[…] The scheme would seem to be the brainchild of someone who, alert to how lavishly the state will spend on all security-related affairs, figured out a way to creep through the back entrance of the great government banquet hall to join the feeding frenzy in the kitchen. The aim of bei lüyou was plainly to pamper diehard dissidents enough to soften their defiant spirit, but it could also serve as a morale-booster among the rank and file of the security forces. For them, it’s essentially a free vacation that counts as work. In Mandarin, this is called a meichai, a beautiful duty. Jianguo was taken on four such trips between October of 2017 and September of 2018, providing almost a dozen meichai slots for the police. The officers varied as much as the itineraries, and I imagined them haggling over the rotation of these coveted slots. Perks must be shared. Once, Jianguo told me why an elderly policeman was assigned to his team for a trip south: the man was about to retire, and he’d never been to any tropical beaches. [Source]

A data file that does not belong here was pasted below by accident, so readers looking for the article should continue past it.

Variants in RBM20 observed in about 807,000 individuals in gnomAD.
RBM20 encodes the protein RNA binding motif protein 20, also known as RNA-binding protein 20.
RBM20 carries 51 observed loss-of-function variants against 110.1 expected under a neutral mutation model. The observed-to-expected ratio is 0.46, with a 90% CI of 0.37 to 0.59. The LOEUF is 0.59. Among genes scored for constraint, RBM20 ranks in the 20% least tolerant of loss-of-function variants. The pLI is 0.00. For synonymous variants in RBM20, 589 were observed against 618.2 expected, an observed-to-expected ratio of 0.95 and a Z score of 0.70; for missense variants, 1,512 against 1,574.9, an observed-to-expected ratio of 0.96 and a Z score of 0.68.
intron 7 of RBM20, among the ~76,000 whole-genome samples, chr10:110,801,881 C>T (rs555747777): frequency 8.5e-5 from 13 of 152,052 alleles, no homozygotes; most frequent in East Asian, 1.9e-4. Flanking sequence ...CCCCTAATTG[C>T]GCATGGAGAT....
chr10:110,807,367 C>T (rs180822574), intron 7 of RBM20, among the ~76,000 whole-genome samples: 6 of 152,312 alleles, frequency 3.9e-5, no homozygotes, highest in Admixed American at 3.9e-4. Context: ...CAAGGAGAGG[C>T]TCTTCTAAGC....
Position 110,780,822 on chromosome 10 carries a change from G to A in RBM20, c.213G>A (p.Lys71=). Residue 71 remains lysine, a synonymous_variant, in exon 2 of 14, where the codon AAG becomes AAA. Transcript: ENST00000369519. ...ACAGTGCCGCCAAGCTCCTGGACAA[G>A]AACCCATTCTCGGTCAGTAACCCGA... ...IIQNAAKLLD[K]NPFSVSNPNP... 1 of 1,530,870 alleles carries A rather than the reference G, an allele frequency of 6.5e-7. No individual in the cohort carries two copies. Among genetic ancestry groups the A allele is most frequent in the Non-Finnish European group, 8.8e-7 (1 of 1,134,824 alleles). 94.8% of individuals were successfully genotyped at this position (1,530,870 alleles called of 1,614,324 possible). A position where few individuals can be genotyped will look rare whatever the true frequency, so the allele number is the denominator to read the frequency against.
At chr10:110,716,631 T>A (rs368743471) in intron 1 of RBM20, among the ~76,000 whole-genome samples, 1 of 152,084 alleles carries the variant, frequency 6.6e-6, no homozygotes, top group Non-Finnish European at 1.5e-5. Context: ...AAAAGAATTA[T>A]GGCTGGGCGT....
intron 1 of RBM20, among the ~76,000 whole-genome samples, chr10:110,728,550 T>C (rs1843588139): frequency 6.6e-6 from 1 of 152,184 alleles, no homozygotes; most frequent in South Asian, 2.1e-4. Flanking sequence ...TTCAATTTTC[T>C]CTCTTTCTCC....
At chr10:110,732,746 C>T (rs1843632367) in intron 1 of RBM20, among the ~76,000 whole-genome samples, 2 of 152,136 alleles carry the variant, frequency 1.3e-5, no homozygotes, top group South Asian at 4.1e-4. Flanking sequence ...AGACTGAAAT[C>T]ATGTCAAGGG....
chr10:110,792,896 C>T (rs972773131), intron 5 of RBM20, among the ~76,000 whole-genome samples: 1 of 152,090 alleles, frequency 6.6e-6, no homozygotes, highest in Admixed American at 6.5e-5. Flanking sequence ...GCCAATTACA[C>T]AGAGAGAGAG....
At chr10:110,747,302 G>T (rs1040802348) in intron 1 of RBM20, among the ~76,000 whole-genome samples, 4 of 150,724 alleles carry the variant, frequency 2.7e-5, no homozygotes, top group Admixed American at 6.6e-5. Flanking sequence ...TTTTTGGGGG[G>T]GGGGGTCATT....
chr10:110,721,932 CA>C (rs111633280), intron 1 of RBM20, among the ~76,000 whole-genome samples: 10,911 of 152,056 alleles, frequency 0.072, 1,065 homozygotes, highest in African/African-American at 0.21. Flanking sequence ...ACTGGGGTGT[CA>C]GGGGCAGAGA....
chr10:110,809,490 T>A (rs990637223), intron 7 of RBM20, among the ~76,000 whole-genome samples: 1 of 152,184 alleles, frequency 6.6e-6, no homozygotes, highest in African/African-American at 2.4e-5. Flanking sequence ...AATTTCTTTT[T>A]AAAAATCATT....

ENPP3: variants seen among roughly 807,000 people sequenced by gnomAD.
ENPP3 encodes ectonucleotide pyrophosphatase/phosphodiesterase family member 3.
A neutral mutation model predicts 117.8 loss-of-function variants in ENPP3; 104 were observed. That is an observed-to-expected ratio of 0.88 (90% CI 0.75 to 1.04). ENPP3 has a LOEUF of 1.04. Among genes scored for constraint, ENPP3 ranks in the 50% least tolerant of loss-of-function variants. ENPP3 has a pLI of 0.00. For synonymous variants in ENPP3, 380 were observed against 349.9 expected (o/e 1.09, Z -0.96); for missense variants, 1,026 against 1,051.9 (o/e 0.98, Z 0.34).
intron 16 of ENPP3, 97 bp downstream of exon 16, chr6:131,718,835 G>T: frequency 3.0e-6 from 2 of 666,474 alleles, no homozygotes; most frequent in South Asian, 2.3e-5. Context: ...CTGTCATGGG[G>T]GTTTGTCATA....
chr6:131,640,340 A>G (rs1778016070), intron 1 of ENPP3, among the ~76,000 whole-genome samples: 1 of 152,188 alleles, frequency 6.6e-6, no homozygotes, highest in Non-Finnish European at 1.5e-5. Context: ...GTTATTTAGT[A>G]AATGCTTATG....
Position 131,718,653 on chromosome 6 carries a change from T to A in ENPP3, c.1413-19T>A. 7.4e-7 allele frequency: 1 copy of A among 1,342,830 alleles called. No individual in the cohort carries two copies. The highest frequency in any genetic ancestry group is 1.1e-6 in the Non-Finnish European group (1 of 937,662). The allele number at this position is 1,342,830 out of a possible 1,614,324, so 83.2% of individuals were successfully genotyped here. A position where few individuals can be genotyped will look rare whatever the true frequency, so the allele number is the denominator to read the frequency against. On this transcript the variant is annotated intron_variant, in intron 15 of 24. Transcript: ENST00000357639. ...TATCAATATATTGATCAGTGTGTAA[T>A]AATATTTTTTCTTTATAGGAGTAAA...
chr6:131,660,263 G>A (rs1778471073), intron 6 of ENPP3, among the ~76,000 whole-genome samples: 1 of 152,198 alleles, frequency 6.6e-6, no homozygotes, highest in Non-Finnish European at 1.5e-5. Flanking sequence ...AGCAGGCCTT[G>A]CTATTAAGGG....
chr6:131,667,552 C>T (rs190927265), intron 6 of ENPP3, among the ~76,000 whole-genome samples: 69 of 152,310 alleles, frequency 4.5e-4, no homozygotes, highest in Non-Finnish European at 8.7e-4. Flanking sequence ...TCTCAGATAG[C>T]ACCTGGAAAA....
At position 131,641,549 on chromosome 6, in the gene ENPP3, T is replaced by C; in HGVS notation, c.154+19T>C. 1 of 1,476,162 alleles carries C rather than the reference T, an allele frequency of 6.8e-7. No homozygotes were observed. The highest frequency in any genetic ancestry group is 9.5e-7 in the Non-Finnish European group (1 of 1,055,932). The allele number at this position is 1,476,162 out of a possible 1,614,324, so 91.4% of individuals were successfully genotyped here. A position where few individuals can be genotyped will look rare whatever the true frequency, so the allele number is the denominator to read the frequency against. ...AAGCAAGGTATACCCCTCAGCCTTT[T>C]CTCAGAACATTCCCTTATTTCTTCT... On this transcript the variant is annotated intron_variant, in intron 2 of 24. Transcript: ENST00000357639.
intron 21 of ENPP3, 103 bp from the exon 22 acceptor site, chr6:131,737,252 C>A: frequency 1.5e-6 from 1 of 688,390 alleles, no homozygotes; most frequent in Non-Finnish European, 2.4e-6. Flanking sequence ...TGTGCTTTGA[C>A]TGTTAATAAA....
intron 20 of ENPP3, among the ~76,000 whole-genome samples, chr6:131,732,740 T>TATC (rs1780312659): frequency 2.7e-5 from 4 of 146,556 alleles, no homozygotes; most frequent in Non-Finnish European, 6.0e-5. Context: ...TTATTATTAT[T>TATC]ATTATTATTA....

On Twitter, Human Rights Watch’s Yaqiu Wang re-emphasized Zha’s point that this treatment is exceptional. While Zha writes that it is sometimes used with common petitioners, Wang notes that typically, “to less prominent people, there is more outright brutality. Even [though] Zha is treated nicely, he has absolutely no rights in this situation. We must not forget that.”
In a 2013 op-ed at The Wall Street Journal, CDT founder Xiao Qiang and sinologist Perry Link discussed the “involuntary passive” and other expressions of coded dissent.
This “involuntarily passive” implication has led to a range of other sarcastic uses. One is bei xingfu, which literally means “happiness-ified.” In the Mao era, it was said that the Great Leader mou xingfu (sought happiness) for the people; to be on the receiving end of this search, then as now, is to be bei xingfu. We look at the officials who “represent” us and see ourselves as bei daibiao or “undergoing representation.” In each case, the point is that the “esteemed country” acts upon the “fart people,” not the other way around. [Source]